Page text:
Group exhibition JENNIFER BARTLETT• WILLEM DE KOONING •RICHARD DIEBENKORN• SAM FRANCIS• HELEN FRANKENTHALER• ARSHILE GORKY• HANS HOFMANN• ELLSWORTH KELLY• FRANZ KLINE• ROBERT MOTHERWELL• GEORGIA O'KEEFFE• ROBERT RAUSCHENBERG• DOROTHEA ROCKBURNE• ED RUSCHA• JOEL SHAPIRO• FRANK STELLA• ANDY WARHOL
Artemis Greenberg Van Doren Gallery is pleased to present All American, Part II, on view from October 8 - November 2, 2002. This exhibition, the second installment of the 2001 group, continues the gallery's commitment to showcasing multi-generational twentieth century American artists and celebrates the diversity and excellence of American art.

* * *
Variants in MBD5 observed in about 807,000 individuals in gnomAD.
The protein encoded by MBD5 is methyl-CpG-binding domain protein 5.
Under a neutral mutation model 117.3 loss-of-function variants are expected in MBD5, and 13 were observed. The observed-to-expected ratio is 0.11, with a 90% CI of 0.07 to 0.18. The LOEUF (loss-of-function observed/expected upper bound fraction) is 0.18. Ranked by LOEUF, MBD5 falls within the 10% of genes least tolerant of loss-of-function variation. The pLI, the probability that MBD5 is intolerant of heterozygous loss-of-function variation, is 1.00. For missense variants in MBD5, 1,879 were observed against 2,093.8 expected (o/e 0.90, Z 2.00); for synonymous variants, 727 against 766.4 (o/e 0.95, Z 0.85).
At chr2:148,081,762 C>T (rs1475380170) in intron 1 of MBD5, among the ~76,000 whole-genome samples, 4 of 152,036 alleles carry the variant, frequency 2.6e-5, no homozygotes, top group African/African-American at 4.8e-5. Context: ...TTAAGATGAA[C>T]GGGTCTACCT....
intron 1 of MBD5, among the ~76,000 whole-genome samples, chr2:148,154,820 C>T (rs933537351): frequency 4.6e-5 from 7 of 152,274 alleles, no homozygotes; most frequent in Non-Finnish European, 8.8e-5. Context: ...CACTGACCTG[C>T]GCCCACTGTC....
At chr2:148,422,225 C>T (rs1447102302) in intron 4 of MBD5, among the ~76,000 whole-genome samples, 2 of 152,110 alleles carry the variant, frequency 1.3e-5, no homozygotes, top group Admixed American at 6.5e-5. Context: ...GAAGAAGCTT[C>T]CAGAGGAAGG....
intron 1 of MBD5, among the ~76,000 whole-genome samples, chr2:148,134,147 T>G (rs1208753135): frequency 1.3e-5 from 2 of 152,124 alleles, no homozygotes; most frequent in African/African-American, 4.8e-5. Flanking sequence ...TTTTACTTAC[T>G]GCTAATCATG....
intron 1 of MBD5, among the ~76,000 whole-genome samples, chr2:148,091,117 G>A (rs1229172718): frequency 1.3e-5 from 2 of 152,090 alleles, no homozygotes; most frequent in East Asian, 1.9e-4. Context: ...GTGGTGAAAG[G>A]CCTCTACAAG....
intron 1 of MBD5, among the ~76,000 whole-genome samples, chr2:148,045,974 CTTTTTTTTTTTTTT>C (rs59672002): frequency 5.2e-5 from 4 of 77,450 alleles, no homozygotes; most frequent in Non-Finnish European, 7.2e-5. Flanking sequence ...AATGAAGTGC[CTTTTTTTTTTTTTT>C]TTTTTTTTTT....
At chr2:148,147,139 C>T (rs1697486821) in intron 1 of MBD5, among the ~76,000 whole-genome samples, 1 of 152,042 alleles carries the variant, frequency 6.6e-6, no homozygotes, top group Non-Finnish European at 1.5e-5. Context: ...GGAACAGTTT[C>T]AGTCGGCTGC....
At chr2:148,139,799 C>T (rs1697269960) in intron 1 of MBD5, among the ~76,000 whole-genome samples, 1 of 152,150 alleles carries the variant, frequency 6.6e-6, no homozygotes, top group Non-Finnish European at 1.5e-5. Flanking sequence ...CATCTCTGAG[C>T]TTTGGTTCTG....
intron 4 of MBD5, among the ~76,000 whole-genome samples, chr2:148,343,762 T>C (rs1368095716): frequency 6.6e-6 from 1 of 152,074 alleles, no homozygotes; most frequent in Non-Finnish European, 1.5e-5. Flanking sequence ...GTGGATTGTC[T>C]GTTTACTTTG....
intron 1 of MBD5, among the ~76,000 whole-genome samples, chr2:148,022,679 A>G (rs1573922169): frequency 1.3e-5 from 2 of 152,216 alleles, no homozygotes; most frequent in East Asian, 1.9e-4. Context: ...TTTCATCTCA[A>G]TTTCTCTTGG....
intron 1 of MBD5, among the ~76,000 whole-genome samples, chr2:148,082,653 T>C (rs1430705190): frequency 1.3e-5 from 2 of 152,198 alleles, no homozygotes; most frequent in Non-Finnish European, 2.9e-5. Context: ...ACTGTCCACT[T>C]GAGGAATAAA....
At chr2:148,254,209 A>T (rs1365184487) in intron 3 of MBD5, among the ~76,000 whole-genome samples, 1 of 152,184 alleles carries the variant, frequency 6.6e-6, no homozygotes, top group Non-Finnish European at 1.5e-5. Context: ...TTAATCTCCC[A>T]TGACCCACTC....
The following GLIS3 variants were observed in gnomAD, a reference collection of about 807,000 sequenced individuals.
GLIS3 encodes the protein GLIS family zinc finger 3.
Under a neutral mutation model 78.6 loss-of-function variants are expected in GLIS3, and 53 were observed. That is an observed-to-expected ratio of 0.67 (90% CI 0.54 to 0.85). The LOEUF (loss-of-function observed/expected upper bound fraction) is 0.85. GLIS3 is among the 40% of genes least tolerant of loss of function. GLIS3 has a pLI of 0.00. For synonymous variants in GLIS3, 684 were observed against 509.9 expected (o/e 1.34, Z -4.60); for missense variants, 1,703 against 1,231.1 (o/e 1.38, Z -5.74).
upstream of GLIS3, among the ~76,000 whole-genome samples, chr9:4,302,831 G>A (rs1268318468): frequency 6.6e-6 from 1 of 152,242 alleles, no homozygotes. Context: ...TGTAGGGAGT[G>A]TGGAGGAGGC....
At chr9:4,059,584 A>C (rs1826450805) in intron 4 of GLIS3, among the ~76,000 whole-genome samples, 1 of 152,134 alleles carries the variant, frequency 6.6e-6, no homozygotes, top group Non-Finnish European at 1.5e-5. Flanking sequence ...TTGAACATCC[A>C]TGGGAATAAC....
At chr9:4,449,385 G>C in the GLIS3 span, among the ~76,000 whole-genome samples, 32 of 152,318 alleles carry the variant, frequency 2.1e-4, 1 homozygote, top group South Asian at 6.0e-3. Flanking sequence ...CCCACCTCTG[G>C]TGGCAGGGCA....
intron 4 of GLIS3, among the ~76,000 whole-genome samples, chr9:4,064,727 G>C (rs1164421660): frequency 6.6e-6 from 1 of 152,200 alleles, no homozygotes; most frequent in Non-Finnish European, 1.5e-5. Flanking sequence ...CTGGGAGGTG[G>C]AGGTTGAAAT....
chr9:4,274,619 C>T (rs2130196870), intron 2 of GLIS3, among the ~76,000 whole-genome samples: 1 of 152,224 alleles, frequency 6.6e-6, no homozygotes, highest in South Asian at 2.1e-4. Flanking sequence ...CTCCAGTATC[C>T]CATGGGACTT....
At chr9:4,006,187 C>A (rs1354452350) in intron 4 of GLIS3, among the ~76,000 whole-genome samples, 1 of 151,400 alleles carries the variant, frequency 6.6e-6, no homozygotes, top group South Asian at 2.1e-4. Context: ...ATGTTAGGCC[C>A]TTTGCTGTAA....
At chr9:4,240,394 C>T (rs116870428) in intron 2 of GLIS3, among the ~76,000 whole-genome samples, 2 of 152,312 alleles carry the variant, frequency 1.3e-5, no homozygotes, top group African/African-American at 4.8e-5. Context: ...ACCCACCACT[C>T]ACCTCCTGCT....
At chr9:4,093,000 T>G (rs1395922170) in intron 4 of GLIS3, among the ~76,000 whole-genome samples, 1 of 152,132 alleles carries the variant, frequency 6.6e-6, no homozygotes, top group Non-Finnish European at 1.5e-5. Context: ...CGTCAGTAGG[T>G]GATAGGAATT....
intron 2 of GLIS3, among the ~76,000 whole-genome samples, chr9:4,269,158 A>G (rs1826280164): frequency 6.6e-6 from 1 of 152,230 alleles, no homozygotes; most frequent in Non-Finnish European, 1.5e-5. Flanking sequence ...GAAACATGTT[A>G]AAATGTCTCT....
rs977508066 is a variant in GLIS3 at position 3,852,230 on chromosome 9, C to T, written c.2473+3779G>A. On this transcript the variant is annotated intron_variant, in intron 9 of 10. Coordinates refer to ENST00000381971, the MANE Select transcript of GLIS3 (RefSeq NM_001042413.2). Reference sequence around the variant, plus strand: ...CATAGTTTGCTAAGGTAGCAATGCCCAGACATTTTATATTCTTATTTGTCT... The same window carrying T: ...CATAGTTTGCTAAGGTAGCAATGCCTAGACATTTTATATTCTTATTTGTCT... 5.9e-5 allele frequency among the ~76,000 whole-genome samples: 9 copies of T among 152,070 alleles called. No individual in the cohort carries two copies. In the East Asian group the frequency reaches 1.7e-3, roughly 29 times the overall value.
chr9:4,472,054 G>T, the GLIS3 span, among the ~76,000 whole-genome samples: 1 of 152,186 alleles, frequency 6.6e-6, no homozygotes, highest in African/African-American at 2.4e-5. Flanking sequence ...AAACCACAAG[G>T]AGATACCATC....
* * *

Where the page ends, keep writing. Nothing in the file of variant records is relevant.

All American, Part II will present selected works by artists who were instrumental in forwarding significant American art historical movements and ideas. The Abstract Expressionist generation, interested in changing the face of painting, is represented by a significant 1977 painting by Willem de Kooning and 84A, 1972, a painting by Robert Motherwell where a black form dramatically emerges from the golden ochre monochromatic background. Following Abstract Expressionism and injecting the American art scene with a female presence, Helen Frankenthaler of the Color Field tradition, is represented by Bella Donna, 1987. Frank Stella's early Protractor series painting Rainbow Type, 1968 - an extension of his seminal concentric paintings - begins the foray into Pop. Ed Ruscha's iconic text work, Let's Face It, 1981, and Robert Rauschenberg's, classic dye transfer painting continues the Pop motif. From the Black Mountain College generation, Dorothea Rockburne contributes a classic folded paper work,White Pascal, 1986. Contemporary highlights include a Jennifer Bartlett Elegy painting titled 8 PM, Sink, 1992-3, a representational painting involving personal iconography overlaid with her identifiable grid hatch marks. In stark contrast to Bartlett's narrative is the streamlined precision of Yellow Black, 1988, a two panel canvas by one of the most prominent artists currently working within the minimal abstraction domain, Ellsworth Kelly.